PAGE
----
More than one human being brings more than one opinion. God has made us for diversity. God has given us each other. We see things from difference perspectives. We all see the world differently. We need each other to see the whole world as it should be. We cannot agree that we will never disagree. No conflict? No honesty.
You do not have a choice between no conflict and conflict. You have a choice between constructive conflict and destructive conflict.
How do we talk together when we disagree with each other?
Value the dissenter. [Value dissent.]
Do you ever change your mind? Yes. [Why would you hold onto untrue or invalid beliefs, if you would better understand reality?!] You can either believe (1) you are wrong about something, or (2) you are at the apex of Christian history! Someone – many someones – will eventually teach you something and help you remove “wrong” knowledge. If you push away ideas from others, you will sometimes be pushing away something you’re wrong about. Admit, “I’m sure I’m wrong about something.” Let the people know it is safe to be “wrong.” Don’t embarrass people who have wrong understanding. The last line of Psalm 139 is “fix me if I’m wrong.”
Here’s how this connects to evangelism. The “better” Christians are usually “worse” at evangelism. It’s a matter of “strength in weak ties.” The more committed you are to a cause, the less likely you are going to be an evangelist. We live in mostly Christian communities and do not have contact with non-Christians. Our ties to Christianity are so strong – the “strength of strong ties” – that almost everyone we know is already one of us! You get out-of-practice with evangelism when you are not among non-Christians.
We too often look at non-Christians as “projects.” We seek to “make him like one of us.” You’ve got to take the perspective of “what can I learn from him?” rather than “how can I re-make him in our image?”
The Samaritan woman at the well would not have passed a background check for your church nursery, but she was an excellent evangelist!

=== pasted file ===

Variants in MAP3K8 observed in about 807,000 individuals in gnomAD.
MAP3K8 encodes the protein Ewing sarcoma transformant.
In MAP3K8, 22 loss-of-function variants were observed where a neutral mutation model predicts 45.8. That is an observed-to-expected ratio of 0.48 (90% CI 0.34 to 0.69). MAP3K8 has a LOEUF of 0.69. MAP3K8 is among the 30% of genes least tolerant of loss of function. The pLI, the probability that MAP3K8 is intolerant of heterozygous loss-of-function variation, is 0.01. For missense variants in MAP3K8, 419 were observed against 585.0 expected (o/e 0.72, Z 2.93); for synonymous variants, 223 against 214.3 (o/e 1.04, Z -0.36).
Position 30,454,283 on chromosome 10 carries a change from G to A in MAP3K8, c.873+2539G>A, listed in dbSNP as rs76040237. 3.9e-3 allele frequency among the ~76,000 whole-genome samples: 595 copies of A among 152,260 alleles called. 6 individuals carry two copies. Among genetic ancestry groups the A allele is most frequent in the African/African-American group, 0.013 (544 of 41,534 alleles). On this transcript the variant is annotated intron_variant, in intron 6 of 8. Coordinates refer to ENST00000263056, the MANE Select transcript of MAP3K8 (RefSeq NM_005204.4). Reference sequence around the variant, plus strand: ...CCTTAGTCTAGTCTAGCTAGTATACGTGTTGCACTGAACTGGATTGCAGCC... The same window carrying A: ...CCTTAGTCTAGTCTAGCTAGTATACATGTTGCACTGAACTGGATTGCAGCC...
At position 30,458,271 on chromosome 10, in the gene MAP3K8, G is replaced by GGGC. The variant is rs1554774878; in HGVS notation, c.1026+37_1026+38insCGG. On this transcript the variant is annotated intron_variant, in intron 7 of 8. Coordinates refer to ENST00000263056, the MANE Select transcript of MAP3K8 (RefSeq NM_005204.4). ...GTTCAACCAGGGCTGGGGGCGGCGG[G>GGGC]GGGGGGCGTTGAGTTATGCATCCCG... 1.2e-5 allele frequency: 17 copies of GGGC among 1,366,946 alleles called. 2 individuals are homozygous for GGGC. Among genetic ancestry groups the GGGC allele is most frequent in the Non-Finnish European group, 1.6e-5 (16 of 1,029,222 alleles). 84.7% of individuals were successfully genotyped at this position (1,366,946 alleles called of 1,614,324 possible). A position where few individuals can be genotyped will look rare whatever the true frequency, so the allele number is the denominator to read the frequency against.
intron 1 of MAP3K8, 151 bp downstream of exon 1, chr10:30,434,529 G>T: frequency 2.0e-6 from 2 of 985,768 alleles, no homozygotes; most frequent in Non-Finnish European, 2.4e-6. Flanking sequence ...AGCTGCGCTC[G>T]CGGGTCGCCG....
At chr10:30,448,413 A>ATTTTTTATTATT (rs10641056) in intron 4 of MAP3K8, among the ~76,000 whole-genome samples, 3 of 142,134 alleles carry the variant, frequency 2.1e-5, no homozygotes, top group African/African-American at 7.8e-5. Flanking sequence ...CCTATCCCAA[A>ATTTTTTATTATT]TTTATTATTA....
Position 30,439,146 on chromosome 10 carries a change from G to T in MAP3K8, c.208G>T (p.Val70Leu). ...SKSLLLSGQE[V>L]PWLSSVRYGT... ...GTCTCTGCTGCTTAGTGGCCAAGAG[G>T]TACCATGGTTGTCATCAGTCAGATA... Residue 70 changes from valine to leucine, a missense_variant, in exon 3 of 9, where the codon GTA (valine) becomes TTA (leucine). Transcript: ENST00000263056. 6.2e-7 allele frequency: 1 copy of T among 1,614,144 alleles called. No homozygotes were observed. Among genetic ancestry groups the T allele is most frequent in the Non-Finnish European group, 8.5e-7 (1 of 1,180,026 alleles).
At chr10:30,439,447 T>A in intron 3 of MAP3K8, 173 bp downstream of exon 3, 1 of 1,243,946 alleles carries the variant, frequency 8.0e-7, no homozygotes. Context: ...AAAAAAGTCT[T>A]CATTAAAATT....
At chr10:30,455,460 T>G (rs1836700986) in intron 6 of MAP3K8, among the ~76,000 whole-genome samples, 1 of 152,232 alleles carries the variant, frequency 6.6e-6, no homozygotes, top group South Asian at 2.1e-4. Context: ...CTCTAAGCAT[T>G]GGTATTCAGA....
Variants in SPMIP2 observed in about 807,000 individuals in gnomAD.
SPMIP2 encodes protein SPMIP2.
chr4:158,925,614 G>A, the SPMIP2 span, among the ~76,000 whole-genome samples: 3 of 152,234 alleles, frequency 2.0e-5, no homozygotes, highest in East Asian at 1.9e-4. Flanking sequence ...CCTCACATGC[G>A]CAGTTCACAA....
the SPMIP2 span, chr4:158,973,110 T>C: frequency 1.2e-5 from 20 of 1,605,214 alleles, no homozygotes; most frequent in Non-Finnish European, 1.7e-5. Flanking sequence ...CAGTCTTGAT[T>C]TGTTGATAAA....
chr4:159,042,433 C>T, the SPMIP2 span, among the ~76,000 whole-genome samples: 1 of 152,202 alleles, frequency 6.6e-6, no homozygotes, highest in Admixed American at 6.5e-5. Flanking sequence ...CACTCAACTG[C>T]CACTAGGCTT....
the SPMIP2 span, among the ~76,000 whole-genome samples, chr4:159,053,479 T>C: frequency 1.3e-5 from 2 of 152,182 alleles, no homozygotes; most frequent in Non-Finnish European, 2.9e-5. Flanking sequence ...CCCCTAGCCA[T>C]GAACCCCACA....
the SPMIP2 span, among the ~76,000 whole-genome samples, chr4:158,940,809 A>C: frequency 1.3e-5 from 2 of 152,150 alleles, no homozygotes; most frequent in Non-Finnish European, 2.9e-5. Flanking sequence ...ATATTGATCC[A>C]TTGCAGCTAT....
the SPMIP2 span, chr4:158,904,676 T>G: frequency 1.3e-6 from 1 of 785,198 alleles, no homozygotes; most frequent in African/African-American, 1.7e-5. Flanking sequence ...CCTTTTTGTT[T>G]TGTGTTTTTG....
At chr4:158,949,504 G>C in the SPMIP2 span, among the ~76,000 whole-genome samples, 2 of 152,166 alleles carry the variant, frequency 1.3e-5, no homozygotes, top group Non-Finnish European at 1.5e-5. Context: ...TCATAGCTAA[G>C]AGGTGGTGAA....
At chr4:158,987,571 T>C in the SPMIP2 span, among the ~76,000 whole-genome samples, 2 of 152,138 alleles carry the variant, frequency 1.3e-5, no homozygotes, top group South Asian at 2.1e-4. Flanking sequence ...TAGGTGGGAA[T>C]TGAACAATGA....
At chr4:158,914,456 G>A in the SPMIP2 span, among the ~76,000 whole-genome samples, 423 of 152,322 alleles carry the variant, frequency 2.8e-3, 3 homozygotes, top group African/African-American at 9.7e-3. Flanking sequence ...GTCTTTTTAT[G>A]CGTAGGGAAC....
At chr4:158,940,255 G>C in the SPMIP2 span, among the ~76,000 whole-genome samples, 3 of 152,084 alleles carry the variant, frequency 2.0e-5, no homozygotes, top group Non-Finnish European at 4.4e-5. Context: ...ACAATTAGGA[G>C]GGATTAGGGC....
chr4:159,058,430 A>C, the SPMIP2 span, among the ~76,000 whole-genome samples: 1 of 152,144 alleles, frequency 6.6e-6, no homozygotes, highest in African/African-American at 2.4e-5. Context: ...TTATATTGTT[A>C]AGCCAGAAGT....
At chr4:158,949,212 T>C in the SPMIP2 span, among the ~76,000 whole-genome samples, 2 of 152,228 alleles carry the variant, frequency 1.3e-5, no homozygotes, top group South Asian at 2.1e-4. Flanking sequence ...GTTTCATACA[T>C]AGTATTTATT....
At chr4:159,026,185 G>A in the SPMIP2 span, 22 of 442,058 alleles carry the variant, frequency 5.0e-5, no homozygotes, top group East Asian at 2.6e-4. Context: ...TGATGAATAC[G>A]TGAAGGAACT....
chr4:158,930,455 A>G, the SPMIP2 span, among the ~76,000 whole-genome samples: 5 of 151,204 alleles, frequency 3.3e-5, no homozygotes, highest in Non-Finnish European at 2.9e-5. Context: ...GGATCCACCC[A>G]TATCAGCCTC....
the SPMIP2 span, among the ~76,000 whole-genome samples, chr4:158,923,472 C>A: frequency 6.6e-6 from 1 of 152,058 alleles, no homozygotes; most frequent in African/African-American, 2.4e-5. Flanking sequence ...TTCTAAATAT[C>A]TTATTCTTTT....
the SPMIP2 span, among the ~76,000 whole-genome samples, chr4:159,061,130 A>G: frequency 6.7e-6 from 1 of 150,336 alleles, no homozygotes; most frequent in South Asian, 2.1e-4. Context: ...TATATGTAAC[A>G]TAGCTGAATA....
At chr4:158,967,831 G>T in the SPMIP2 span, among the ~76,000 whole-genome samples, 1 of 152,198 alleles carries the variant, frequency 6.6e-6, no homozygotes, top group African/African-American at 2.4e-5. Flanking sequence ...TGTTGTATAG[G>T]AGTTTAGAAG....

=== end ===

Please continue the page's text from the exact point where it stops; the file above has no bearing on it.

Can anyone who does not have Abraham’s blood running through their veins become a Christian? YES!
The council at Jerusalem called Peter on the carpet. He was doing what he promised the others he would not do. Peter’s defense? God was responsible for his actions. God baptized non-Jews. So Peter baptized, too. Peter followed what God had already done.
The dissenter will often tell you a story which may not resonate with the people, but it may be a story you desperately need to hear. Peter was a dissenter in this situation. God had given him a vision. He told the story of what God had done in his life.
What happens when someone comes into your congregation and does what has never been done? That person could say, “I am doing what God has already been doing.”
New leaders tell us things we may not want to hear. In my church, I tell our people that we have to be open to ideas that are older than 1972! Don’t just seek people who “want to act like us.” We should not say, “Come and follow our rules, and we will treat you kindly.”
Figure out what it’s like to be in someone else’s shoes, so you can see the world from a perspective different than the one shared by everyone else in the community.
Listen long enough to figure out what people need. People have different expectations of the church than decades ago. People expect the church to be judgmental and close-minded today. It’s not safe. They might get “caught” [in their sin] and embarrassed. No one is going to sign up for that! That’s the stereotype people have about church. Defeat the faulty expectations.
The warehouse box church feels safe to non-Christians, because it doesn’t look like the place that was “so mean” when people were kids. Point people to Jesus without the culturally-loaded trappings of Jesus. We are Christ’s ambassadors. If you don’t know anyone who is a non-Christian, you won’t be building bridges from non-Christians to Christ.
Too many churches kick out the dissenters. At no point did Jesus allow Christians to vote dissenters off the island. I have a list of annoying people. At the top of someone else’s list of dissenters is me! It’s our job to disagree with each other – to help others see the world differently. One day, I will be the dissenter, and I will appreciate the opportunity to be taken seriously as a dissenter.